Very Small Compact Housing
From: Oilcloth International/Cardie Molina (
Date: Wed, 18 Jan 2006 07:22:34 -0800 (PST)
Here are some excerpts from a recent article in the LA Times ITS ALL THEY
NEED about downsizing houses. Address to actual address is at the bottom.
Small is good.  Rule of thumb, take away 1/3 of what your preconceived
notion is of the "normal" size. 



"The indigenous house should be made of the fewest possible materials in
order to create a harmony of structure. The less simple it gets, the less
powerful it gets."

"Houses should be thought out in every detail. Details are what make it

"A house should be built of real materials: wood, bricks, stucco, tile,

"A house wants to be optimistic. Natural wood and off-white are two of the
most optimistic colors."

"Everyone is happier in harmony. Eliminate all that creates disharmony. Fill
your house solely with what you love."

"To create harmony, think of design within the context of the next largest
entity. That is, an accessory such as a lamp should be selected considering
the furniture. The furniture should be selected considering the room as a

"Living in a conflicted house, like living with a conflicted person, is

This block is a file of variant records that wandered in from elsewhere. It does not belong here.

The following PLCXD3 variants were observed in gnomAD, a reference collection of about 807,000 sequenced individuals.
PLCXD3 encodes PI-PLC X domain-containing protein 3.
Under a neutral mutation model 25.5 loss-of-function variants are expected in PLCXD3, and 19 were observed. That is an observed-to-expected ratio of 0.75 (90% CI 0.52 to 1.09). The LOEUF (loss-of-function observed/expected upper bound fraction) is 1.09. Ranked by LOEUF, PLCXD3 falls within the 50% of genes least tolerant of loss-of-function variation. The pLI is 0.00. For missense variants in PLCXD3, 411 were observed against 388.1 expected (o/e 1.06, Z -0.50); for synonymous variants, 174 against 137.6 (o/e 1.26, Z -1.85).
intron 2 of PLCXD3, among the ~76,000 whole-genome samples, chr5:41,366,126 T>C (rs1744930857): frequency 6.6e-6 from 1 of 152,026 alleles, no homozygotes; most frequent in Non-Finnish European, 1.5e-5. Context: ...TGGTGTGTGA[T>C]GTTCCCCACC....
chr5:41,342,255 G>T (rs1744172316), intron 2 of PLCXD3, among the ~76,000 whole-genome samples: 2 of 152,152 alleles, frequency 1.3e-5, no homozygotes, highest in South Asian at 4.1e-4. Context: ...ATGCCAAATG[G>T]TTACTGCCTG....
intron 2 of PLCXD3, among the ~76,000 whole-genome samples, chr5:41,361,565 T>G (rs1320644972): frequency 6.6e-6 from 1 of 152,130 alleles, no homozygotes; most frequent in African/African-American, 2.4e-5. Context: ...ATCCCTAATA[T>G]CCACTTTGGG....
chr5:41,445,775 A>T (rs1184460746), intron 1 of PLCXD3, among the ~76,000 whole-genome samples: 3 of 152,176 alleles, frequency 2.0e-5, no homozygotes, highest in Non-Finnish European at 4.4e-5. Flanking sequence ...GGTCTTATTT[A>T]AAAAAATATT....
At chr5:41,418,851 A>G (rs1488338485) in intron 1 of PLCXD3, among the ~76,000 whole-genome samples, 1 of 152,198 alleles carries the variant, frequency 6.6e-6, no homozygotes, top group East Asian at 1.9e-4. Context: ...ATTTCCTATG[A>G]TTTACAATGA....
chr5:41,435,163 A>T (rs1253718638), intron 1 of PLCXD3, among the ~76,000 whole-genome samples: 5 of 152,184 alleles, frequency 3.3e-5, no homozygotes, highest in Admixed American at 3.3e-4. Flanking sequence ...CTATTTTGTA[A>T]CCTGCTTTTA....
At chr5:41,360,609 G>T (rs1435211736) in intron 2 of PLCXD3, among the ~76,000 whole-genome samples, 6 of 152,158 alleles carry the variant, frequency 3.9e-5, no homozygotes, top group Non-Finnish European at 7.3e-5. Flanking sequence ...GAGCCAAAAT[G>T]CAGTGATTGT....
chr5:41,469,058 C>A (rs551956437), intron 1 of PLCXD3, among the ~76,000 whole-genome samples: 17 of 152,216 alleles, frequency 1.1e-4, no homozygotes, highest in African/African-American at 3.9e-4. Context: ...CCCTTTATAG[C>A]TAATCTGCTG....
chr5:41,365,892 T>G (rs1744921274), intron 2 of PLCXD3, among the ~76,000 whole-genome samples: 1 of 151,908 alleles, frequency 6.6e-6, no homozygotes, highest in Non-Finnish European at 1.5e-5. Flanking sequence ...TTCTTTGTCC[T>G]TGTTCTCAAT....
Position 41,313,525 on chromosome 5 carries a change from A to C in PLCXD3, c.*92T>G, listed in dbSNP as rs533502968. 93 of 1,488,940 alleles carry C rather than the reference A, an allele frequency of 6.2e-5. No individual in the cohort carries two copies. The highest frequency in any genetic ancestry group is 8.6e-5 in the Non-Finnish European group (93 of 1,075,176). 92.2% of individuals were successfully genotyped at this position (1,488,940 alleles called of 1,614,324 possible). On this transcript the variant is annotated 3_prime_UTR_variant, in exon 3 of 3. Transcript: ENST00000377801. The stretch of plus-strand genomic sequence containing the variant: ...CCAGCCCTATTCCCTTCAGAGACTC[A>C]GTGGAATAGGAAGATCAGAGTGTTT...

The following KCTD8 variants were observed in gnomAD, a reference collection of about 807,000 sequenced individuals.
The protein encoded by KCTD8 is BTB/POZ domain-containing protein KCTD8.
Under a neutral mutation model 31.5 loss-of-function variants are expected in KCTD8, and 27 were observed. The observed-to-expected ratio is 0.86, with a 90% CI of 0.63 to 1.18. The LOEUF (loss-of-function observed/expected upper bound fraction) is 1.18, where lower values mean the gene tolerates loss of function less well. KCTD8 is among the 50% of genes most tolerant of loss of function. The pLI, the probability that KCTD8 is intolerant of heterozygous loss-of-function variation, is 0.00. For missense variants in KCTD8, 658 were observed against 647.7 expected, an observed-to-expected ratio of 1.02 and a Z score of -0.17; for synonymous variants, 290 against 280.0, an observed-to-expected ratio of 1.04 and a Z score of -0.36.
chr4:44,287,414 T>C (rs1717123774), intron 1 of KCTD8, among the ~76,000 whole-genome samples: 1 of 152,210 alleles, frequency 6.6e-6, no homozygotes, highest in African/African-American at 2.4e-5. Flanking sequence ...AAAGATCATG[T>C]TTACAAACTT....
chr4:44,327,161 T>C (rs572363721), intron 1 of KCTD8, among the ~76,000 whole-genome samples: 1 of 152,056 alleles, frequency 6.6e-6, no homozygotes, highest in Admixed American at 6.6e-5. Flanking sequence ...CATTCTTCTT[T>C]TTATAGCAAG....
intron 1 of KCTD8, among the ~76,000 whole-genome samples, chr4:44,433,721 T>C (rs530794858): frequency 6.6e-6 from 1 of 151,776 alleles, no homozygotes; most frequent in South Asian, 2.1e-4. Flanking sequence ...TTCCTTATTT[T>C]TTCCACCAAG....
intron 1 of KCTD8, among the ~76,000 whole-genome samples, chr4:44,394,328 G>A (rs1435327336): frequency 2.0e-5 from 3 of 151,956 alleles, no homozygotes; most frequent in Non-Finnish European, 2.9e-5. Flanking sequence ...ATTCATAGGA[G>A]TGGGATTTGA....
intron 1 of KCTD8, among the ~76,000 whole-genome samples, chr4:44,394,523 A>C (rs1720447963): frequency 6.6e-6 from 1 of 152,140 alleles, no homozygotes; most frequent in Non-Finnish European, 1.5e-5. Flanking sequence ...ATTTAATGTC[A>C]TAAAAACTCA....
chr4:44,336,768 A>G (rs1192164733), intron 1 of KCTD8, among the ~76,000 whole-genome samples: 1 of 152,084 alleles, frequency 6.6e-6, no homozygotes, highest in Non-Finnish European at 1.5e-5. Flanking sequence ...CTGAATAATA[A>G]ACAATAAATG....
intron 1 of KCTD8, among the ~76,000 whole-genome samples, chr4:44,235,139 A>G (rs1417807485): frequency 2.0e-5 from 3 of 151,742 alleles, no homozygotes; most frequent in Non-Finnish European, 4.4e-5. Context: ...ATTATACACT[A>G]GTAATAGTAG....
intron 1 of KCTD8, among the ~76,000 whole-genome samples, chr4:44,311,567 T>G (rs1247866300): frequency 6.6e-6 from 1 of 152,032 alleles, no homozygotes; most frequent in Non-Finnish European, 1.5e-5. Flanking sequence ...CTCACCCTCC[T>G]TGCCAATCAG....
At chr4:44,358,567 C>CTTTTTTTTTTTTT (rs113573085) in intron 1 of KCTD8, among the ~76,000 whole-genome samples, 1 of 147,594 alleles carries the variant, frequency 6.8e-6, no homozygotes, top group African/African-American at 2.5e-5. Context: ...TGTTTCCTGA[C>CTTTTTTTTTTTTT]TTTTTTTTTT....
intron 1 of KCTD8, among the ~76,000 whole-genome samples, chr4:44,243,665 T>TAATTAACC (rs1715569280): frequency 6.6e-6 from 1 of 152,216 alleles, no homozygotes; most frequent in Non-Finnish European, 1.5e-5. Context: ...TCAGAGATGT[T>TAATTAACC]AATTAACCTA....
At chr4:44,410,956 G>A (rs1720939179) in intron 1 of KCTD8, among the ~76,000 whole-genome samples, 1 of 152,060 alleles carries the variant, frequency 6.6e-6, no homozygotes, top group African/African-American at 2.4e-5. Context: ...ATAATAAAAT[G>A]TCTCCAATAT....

difficult. A conflicted house may have one of the following: inconvenient
floor plan; minimal storage; poor light [or] heat; steep, narrow stairs; bad

"I think of a house as an integrated part of a total environment for living.
That includes all the property, lot-line to lot-line. There should be an
integration between the landscaping and the house, with no sense of

"Every indoor room should have its own outdoor space. It's a wonderful way
to increase the apparent size."

"A California house should have a semi-enclosed outdoor transition space
that will make your passage from jungle to home and from home to jungle a
relaxing experience. Our climate allows for it."

but if you have time read the whole article, and go to to see
the photos, 

An architect builds big for others but lives within 710 square feet himself.
The quality-over-quantity ethos of the 'not-so-big' movement.

By Barbara King
Times Staff Writer

December 15 2005

DOUG RUCKER puts on his baseball cap, slides open the back door of his house
and heads toward his architectural office just a few steps off the patio.
OK, then, his wife decides, time for her to get back to work too, and off
she goes out the front door and down a high, rounding driveway to her art
studio, clutching a mug of hot tea. 

The complete article can be viewed at:,0,7687276.story?coll

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